Donal O'Grady: Puck-outs the winning platform as Déise suffer restart meltdown

Waterford lost eight of 12 first half puck-outs and of the four they won, two were turned over immediately
Donal O'Grady: Puck-outs the winning platform as Déise suffer restart meltdown

Limerick players, from left, William O'Donoghue, goalkeeper Nickie Quaid and Seán Finn combine to block the shot of Neil Montgomery of Waterford during the GAA Hurling All-Ireland Senior Championship Final match between Limerick and Waterford at Croke Park in Dublin. Photo by Stephen McCarthy/Sportsfile

At half-time in the All-Ireland final, the most amazing thing was that Limerick only led by three points. They had been completely dominant in that first period and Waterford didn’t display the manic pressurising energy levels that they needed to overturn the favourites.

The Treaty served up a complete collective team performance in the first period, full of energy and enthusiasm. They displayed a huge workrate, hunting in groups and never allowed any Waterford player to settle in possession. The expectation that they might be unable to maintain that awesome energy through the second half might have given some hope to their opponents at half-time.

However, their levels of energy and enthusiasm never dropped and, if anything, they actually went up a notch. 

The Déise were completely overwhelmed and the game took on the atmosphere of an exhibition game as Limerick’s skill, movement, and support play was imperious after half-time.

Waterford never looked like mounting a decisive comeback and the game was effectively over five minutes into the second half when Seamus Flanagan put Limerick seven points ahead.

Puck-out problems 

Waterford’s problems began at puck-out time. Limerick’s half-back-line completely dominated. Kyle Hayes, Limerick’s left-half-back (my man-of-the-match) gave a tour de force all through but particularly in that crucial first half.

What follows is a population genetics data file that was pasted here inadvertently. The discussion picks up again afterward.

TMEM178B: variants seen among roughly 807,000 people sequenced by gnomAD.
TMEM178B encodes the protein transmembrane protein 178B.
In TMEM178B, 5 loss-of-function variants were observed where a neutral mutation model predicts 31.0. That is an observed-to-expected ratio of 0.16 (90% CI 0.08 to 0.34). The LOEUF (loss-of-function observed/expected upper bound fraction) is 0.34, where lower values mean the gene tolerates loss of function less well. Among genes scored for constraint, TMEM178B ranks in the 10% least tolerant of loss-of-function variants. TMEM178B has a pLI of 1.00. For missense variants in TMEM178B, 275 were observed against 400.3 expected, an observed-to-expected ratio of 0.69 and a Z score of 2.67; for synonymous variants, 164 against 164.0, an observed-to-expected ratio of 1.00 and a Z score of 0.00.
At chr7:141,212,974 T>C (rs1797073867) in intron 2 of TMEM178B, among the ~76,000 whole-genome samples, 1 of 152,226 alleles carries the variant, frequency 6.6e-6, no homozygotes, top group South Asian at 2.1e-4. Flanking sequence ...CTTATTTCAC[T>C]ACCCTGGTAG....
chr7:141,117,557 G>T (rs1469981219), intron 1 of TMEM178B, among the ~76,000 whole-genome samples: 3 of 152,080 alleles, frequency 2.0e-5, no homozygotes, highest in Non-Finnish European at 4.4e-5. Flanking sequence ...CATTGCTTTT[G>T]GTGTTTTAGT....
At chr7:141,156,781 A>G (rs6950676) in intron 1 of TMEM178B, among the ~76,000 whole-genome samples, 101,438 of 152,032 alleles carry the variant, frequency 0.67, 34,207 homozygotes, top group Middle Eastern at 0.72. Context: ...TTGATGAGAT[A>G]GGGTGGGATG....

He dominated under the puck-outs and set up counter-attacks, regularly joining in as he ran powerfully forward. Of the 18 Déise puck-outs in the first half, Stephen O'Keeffe struck 12 to his half-forward line. They lost eight of these and of the four they won, two were turned over immediately due to incessant Limerick pressure. O’Keeffe went short on six occasions but each time the following play resulted in Limerick possession. This was puck-out meltdown for Waterford.

On the other hand, Nickie Quaid only lost three. He picked out his targets easily and six points came directly from them. This provided a winning platform for the Treaty.

Limerick goalkeeper Nickie Quaid clears his lines ahead of Dessie Hutchinson. Picture: Ray McManus/Sportsfile
Limerick goalkeeper Nickie Quaid clears his lines ahead of Dessie Hutchinson. Picture: Ray McManus/Sportsfile

Limerick dominated the middle third in the first half. Waterford relied on seven Stephen Bennett frees to keep them in touch whereas Limerick scored 12 points from play to Waterford’s four. Limerick’s half-forwards constantly rotated, dropped deep into midfield, and defensively and offensively caused huge problems for their markers.